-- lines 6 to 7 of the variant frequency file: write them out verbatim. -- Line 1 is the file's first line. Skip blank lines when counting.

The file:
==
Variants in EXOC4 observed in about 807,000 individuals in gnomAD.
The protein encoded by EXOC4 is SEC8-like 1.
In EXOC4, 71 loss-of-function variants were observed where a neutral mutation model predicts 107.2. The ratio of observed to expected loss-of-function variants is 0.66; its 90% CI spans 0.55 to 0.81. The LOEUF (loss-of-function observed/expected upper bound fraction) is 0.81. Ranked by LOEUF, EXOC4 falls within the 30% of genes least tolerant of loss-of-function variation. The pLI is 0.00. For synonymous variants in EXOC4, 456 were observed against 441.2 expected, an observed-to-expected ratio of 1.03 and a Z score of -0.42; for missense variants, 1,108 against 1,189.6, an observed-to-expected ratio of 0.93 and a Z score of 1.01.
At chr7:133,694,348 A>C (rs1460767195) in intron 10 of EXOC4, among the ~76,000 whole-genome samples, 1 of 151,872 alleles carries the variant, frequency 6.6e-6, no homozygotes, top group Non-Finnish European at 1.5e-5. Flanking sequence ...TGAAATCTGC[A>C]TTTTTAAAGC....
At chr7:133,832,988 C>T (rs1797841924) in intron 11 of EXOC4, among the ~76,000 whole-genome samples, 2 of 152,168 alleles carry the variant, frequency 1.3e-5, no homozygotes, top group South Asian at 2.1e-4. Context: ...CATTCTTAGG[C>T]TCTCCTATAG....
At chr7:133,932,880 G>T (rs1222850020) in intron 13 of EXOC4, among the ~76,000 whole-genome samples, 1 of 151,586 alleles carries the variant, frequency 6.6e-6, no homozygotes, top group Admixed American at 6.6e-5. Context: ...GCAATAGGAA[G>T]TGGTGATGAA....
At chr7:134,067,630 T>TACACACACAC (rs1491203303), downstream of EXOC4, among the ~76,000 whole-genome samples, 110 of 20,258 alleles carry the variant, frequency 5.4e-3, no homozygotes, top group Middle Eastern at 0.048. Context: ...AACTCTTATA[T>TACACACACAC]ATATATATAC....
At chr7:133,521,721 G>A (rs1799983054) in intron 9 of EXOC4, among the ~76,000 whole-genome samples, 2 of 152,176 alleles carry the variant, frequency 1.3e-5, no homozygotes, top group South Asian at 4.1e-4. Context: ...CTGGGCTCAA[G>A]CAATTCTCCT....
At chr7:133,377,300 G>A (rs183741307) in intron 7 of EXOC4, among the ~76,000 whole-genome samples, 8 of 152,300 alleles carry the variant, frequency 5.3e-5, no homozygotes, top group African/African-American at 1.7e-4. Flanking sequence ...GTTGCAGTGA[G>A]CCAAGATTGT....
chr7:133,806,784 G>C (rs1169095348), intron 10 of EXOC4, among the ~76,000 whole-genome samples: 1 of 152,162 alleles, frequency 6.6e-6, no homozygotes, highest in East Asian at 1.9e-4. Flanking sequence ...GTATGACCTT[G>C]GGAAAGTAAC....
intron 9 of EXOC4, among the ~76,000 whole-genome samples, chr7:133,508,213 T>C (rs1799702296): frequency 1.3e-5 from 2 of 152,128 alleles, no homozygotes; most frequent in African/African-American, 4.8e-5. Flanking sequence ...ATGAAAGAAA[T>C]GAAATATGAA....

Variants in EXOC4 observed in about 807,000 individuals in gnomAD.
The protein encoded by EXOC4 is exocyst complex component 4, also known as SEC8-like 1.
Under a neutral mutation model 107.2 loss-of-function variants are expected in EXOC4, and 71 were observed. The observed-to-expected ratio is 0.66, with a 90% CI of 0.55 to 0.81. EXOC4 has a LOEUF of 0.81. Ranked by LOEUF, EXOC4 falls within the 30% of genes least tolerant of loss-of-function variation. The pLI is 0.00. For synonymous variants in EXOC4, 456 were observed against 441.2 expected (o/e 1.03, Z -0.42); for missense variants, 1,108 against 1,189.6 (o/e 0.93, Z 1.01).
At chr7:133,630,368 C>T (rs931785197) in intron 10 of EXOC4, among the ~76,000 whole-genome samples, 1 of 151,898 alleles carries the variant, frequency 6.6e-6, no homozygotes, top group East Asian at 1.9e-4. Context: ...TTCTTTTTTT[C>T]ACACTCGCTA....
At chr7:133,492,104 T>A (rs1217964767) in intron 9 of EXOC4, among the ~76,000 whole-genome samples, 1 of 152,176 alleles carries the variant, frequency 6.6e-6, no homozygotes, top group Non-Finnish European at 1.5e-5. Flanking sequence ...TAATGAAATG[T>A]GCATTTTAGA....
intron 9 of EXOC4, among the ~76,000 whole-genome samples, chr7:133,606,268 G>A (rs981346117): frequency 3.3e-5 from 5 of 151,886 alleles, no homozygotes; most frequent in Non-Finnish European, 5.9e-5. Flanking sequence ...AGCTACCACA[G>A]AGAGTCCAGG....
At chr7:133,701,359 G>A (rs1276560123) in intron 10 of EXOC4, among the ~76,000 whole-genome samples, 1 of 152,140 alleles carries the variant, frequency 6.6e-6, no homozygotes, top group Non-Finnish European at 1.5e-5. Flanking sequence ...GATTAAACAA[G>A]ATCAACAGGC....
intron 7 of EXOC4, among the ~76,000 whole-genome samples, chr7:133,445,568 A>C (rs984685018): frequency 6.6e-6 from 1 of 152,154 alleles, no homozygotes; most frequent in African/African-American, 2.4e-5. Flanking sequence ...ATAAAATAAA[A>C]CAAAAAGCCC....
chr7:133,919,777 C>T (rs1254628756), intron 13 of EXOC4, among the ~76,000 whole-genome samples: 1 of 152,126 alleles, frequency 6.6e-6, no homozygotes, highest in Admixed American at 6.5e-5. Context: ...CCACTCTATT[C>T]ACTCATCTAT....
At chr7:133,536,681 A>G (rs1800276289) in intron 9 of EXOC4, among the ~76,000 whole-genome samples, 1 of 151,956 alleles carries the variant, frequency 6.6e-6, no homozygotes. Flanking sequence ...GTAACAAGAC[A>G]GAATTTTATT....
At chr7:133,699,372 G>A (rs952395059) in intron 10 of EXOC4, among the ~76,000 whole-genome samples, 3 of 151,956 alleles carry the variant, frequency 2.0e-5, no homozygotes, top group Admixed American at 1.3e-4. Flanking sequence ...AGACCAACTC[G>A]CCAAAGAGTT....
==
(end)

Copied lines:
At chr7:133,932,880 G>T (rs1222850020) in intron 13 of EXOC4, among the ~76,000 whole-genome samples, 1 of 151,586 alleles carries the variant, frequency 6.6e-6, no homozygotes, top group Admixed American at 6.6e-5. Context: ...GCAATAGGAA[G>T]TGGTGATGAA....
At chr7:134,067,630 T>TACACACACAC (rs1491203303), downstream of EXOC4, among the ~76,000 whole-genome samples, 110 of 20,258 alleles carry the variant, frequency 5.4e-3, no homozygotes, top group Middle Eastern at 0.048. Context: ...AACTCTTATA[T>TACACACACAC]ATATATATAC....